- Overall across the two cohorts, 4–7% end up going all the way to Series D and (if you believed in the statistical significance of numbers at this stages) 58% more accelerated startups end up raising a Series D round (7.0% vs 4.4%);
- What these numbers do not tell us though is what happens to startups that do not progress to the next funding round. In fact there are four possible outcomes for a company after each funding round and the numbers in the chart only represent one of them (the 1st):
- Raises a further round of funding;
- Does not raise / has not yet raised a further round of funding (i.e. becomes self-sufficient or has yet to go to market)
- Gets acquired.
- Without actual data on each of these four possible outcomes at each funding round, one can only speculate on the causes of leakage. So one could, for example, speculate that accelerated startups get to cash-flow profitability faster than non-accelerated ones and therefore do not need to continue raising dilutive capital post Series B; or that accelerated startups become attractive M&A targets much earlier in their life than their counterparts; or quite simply that there isn’t enough data on accelerated startups post Series B because the cohort is just too young and most have not gone to market yet (thanks Jon Bradford for pointing that out!);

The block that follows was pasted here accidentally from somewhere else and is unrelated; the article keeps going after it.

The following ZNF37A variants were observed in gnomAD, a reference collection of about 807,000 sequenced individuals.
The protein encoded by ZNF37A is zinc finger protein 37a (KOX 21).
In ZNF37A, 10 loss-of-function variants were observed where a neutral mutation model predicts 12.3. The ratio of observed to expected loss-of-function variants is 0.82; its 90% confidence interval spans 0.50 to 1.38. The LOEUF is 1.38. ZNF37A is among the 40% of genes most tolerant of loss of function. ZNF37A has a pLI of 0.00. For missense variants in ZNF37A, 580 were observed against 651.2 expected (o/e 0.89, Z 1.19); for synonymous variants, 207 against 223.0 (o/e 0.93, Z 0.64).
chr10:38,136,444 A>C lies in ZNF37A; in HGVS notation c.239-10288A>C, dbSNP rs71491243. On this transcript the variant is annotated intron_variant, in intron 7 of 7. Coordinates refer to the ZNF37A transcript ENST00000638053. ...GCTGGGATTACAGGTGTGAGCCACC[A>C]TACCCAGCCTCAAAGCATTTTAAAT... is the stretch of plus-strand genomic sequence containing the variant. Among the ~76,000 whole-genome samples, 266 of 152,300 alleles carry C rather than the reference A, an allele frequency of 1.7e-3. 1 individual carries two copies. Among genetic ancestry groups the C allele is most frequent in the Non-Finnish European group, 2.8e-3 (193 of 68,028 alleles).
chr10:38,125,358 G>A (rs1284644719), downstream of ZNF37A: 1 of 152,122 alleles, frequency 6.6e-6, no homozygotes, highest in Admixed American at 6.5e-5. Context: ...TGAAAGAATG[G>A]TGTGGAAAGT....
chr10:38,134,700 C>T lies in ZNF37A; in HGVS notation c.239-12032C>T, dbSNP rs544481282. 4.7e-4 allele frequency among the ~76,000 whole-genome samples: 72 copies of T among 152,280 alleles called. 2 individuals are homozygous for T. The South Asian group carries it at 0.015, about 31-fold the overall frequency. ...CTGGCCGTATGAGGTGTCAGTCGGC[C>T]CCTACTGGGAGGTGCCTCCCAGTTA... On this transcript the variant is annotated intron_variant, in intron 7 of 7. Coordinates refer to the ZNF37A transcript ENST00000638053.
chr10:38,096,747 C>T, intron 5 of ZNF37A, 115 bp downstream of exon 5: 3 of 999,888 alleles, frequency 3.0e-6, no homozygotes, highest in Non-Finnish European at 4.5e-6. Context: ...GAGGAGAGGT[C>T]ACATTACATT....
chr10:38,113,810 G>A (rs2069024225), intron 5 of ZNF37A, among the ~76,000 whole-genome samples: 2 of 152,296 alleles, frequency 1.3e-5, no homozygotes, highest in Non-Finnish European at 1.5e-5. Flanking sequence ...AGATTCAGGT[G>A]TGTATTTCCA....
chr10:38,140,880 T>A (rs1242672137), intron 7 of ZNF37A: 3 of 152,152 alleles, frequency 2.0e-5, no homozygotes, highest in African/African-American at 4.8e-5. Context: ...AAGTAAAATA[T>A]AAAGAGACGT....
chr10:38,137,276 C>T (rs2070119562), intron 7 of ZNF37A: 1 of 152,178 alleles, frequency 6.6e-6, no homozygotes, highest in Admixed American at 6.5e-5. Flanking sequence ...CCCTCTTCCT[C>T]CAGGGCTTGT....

- A more skeptical one could speculate that accelerated startup live off ‘demo-day hype’ and momentum up until Series B and then gravity brings them back down to earth after that, either failing or transforming into “cockroaches” (Matt H. Lerner’s favourite nomenclature for startups that keep chugging along between life and death); or that accelerated startups tend to turn into great acqu-hires, failing to generate the type of exits VCs strive for.
I am hoping to get more data on these potential outcomes, so hold tight for a follow-up post!
A relative analysis on the shape & size of Series A rounds for ‘accelerated’ startups